Lunch boxes and the end of summer blues
It happens every year. The week before school starts, slight depression and bluesy feelings set in. I thought about calling this post “back to school blues”, but that wouldn’t be terribly authentic – I love routine and as a mom who has not worked for pay in a long, long time, I enjoy the quiet and flexible time during school days to pursue a variety of responsibilities and interests. Going to the grocery store alone is my preference. A more orderly house feels good and even folding laundry in silence is often a treat. So, what am I actually feeling?
It seems that summer is a time to relax and more thoroughly enjoy my children. This particular summer started off with some very challenging days, but it quickly moved into a great mix of day camps, chilling and chatting at the neighborhood pool, periodic breaks leaving the girls with a trusted babysitter and some really fun family and vacation time. When we addressed and pursued a rhythm of activity and downtime that works best for our family, it turned into a wonderful oasis between more hectic and stressful school days.
Truthfully, one of the biggest mental hurdles when thinking of school starting up is making lunches. What is so terribly distasteful about having to think up, shop for and pack up those little containers?? This disdain has led to an inner dialogue – “is it time to have the girls start making their own lunches?”, “how truly awful and unhealthy are those school lunches anyway?”, and how can we be creative in handling this little thing that so often turns into a big thing around our house. Our oldest son swears that I made him pack his own lunch starting in around the 2nd grade….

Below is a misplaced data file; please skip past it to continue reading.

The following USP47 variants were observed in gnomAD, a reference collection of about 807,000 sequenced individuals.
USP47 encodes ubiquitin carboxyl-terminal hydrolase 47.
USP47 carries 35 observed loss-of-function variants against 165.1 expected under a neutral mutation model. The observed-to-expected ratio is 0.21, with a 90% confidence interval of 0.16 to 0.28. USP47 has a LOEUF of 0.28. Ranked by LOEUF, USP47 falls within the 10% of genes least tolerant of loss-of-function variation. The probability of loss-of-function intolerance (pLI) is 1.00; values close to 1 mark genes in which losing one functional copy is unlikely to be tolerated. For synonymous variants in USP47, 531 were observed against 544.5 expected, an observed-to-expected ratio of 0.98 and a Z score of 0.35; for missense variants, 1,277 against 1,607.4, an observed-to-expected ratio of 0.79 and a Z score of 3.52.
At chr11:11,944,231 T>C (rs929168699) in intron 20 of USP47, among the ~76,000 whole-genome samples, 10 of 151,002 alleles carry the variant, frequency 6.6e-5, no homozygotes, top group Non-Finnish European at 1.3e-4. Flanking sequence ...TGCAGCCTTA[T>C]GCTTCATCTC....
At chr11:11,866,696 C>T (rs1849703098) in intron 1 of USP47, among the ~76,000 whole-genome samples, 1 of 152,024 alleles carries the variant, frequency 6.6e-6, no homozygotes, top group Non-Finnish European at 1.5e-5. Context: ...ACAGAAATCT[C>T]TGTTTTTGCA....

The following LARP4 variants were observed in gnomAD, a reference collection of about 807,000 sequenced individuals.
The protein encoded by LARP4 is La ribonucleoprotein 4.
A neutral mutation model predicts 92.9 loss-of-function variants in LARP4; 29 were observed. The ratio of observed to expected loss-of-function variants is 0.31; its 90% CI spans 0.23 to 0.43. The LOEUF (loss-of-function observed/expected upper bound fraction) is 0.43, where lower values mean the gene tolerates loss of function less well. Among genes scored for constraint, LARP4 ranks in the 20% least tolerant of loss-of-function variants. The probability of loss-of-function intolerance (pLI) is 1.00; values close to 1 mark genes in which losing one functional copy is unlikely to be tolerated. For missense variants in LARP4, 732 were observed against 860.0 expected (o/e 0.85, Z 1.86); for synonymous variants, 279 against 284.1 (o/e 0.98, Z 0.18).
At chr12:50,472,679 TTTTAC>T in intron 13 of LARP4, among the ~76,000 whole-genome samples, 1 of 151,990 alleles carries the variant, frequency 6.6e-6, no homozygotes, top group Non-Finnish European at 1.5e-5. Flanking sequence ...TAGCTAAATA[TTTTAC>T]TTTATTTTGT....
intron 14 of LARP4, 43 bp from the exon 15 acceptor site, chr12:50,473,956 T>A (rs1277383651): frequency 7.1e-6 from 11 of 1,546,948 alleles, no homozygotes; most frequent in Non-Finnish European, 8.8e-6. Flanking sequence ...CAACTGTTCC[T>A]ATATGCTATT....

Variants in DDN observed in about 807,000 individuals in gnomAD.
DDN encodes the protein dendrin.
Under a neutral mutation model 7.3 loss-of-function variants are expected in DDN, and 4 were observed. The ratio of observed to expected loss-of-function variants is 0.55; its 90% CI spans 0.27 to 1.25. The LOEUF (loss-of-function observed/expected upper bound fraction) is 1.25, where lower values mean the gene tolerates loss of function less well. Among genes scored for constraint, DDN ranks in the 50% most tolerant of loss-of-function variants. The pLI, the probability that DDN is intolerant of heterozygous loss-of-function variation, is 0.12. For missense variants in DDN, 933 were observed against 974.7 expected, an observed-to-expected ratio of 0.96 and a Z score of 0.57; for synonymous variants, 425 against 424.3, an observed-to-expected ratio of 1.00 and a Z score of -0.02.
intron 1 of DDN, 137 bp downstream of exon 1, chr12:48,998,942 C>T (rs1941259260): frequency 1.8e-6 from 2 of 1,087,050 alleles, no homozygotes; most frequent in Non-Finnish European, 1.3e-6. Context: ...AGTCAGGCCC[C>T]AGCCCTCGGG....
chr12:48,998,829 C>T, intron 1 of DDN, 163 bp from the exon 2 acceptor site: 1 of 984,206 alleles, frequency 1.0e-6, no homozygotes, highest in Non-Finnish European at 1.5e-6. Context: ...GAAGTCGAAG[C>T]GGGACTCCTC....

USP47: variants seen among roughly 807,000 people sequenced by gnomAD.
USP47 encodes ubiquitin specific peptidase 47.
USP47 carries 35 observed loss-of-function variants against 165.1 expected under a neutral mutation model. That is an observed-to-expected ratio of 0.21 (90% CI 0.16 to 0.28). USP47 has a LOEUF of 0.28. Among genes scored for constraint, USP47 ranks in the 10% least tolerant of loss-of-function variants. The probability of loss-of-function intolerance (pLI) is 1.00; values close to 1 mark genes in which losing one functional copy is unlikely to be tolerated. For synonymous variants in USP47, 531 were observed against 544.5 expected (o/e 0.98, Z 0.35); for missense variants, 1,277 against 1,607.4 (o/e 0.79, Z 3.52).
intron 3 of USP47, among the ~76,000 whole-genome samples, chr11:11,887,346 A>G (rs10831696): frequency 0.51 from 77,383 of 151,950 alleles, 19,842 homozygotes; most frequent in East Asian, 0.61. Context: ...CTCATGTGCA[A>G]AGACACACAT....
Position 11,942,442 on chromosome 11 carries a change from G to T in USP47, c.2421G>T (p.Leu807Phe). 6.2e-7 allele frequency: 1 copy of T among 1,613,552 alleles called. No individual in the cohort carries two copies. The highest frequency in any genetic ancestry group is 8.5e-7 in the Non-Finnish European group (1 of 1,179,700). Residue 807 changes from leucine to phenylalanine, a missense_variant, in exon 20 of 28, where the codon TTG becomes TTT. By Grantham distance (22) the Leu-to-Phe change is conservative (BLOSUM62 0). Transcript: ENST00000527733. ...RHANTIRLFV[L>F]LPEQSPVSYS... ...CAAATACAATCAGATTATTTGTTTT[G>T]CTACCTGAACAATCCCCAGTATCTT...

So, on these last few days of summer as we pack up all those fresh new supplies into the backpack, I look forward to a little more order around the house, accomplishing a few projects that have been on the to-do list for years, and basking in the solitude of an empty house. But I will miss serving breakfast at 9 or 10, showering at noon, putting the “hurry up, we are going to be late” phrase to rest, afternoons and evenings that involve no homework and most of all, eating lunch all together around the table.
PS Writing this led to a very fruitful conversation with my girls. We reached a compromise. Based on our schedules, Monday and Wednesday, I will pack the lunches. Tuesday and Thursday, it is their turn. On Friday, we’ll spring for the unhealthy school lunch. After this negotiation, our older daughter said to me, “why are you all about lunches, Mom?”. I shared with her that it was funny to say, but it was one of my bigger stresses about school starting. She looked at me with great sincerity and said, “Really? I thought it would be about our education or something like that”. Good point.